Some metastatic cancer cells survived the microglial reactions in vitro. After application of LPS-BVCM treatment for 48 h, the viability of the cancer cells showed more or less an increase compared with that at 36 h. Two reasons may contribute to this observation. First, the effective components in the activated BV-2 supernatant, such as TNF-α, may be degraded by 48 h. Second, not all cancer cells are sensitive to microglial cytotoxicity, and some cancer cells may have become resistant. Therefore, after 36-h treatment, the cytotoxic-resistant/insensitive tumor cells may survive the microglial toxic attack and proliferate in later stage of the assays. Although the mechanism involved in such resistance/insensitivity (which might be due to genetic variance) is still unclear, the metastatic lung cancer cells in the brain have demonstrated their ability to preclude the penetration of the Iba-1-positive microglia into the central region of the tumor mass, leaving behind an accumulation of a wall of microglia and providing a higher chance for cancer cell growth without external interference from the brain immune cells, such as microglia. In concert with this view, Strik et al. (41) have reported that overall a small numbers of CD68+ monocytes/microglia (possibly including monocytes in capillaries) were observed in 67 pooled primary and metastatic or malignant (4.92% ± 1.48% in 9 cases of brain metastatic adenocarcinoma) and benign brain tumors, compared with microglial accumulation in the pathological foci of other CNS injury and diseases. In contrast to the current study, however, Strik et al. have also found considerable CD68+ cell infiltration (12.68% and 14.51%) in 2 of 9 cases of brain metastatic adenocarcinoma. The possible reason for the variation in the counting of CD68+ monocytes/microglia could be due to variation in distribution of capillaries in tumor parenchyma or stage of metastatic tumor development.
In conclusion, on one hand, microglial accumulation as a result of migration and proliferation and an ameboid appearance of microglia have pointed out that microglia could actively respond to the metastatic lung cancer cells in the brain and tightly “encapsulate” the tumor mass. On the other hand, the lack of positivity to either iNOS or TNF-α in the double-labeling experiments indicates that microglial immunological functions—i.e., possibly cytotoxic activity, phagocytosis, and antigen presentation—are inactivated in the tumors investigated. Although LPS-activated microglia can kill some metastatic cancer cells in vitro, the mechanism involved in activation of microglia in the brain sections is obviously different from that of LPS stimulation. It is therefore of importance to elucidate how metastatic lung cancer cells could modulate microglial functions and what factors microglia might release in response to brain metastatic lung cancer cells, especially at an earlier metastatic stage.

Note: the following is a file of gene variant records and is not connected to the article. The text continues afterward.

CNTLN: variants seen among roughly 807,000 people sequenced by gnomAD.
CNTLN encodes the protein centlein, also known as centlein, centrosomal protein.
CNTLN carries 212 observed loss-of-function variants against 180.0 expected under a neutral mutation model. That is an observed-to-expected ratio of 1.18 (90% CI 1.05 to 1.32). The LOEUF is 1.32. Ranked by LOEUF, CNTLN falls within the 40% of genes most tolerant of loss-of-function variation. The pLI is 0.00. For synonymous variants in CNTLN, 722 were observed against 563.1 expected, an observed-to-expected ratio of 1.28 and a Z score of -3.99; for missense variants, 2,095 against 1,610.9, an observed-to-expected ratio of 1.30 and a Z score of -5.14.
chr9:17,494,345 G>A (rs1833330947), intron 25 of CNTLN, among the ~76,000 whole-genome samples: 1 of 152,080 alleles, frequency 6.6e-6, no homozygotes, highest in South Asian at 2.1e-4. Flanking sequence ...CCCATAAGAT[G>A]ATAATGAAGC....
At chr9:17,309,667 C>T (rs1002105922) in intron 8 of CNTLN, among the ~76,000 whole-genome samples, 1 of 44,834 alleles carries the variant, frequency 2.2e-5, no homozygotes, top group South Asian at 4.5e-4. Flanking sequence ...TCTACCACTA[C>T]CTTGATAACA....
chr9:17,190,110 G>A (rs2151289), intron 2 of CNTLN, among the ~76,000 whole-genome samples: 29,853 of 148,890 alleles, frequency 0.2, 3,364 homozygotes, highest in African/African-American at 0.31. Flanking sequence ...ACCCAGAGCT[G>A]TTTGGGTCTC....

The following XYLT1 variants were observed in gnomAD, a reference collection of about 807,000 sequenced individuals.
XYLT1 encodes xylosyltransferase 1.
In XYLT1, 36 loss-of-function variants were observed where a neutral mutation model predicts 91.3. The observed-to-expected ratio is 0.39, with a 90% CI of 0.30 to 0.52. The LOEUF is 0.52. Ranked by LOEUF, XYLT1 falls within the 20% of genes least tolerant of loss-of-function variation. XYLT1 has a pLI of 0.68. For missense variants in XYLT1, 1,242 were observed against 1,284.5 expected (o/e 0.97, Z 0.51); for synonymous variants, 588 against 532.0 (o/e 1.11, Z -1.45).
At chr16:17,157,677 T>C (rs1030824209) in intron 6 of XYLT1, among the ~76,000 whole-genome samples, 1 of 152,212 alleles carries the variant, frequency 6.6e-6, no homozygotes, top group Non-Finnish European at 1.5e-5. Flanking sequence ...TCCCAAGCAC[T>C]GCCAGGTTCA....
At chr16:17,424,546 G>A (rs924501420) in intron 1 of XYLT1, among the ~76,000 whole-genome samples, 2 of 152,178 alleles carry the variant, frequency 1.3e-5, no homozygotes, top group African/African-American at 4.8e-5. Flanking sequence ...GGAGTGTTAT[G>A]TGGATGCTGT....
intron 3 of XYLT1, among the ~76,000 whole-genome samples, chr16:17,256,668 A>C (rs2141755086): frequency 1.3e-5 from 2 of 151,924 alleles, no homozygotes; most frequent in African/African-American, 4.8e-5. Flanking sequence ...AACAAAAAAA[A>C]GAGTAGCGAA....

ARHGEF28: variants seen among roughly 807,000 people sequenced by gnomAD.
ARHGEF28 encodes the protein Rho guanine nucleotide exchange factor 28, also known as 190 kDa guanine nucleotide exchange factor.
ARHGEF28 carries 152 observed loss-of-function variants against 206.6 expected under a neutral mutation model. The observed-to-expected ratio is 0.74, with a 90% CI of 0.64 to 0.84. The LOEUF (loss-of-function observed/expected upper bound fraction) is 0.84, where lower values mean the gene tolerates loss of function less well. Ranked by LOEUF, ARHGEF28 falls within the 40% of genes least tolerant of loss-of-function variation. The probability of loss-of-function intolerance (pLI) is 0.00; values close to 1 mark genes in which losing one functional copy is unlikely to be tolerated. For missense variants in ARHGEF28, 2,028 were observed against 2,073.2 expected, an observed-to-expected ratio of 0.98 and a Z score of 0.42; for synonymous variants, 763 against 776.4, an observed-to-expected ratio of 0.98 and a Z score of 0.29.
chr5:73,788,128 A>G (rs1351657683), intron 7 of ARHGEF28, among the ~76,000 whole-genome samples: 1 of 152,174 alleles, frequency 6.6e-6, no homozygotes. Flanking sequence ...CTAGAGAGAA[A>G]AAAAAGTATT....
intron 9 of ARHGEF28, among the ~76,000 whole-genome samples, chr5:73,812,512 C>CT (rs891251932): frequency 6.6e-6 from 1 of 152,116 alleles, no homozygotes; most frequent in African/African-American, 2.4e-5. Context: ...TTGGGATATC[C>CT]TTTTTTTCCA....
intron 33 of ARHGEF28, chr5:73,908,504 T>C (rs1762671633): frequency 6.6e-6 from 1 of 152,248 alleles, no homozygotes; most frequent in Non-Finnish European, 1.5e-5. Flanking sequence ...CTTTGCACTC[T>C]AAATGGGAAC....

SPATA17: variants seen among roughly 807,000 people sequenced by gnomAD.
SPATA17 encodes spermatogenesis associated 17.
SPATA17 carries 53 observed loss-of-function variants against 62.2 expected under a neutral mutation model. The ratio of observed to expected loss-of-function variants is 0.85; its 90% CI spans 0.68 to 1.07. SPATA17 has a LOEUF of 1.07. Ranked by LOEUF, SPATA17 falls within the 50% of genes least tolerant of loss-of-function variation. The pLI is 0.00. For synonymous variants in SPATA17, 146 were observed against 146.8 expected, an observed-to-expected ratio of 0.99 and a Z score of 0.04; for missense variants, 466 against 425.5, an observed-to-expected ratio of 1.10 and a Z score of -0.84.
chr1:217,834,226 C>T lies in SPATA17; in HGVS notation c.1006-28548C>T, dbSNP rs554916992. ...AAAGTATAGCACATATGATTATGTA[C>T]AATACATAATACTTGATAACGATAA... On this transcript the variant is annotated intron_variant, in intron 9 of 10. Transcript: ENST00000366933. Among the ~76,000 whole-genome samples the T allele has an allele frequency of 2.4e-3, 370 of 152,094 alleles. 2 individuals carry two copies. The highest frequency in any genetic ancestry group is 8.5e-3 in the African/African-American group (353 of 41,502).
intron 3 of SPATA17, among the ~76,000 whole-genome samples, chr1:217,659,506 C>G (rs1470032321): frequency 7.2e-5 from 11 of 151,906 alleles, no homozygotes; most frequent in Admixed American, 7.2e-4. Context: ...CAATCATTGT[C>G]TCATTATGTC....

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This work was supported by the grant (NMRC/1037/2006) from National Medical Research Council, Singapore.
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He, B.P., Wang, J.J., Zhang, X. et al. Differential Reactions of Microglia to Brain Metastasis of Lung Cancer. Mol Med 12, 161–170 (2006). https://doi.org/10.2119/2006-00033.He
- Metastatic Lung Cancer Cells
- Microglial Cytotoxicity
- Microglial Supernatants
- Ionized Calcium Binding Adaptor Molecule
- Microglial Factors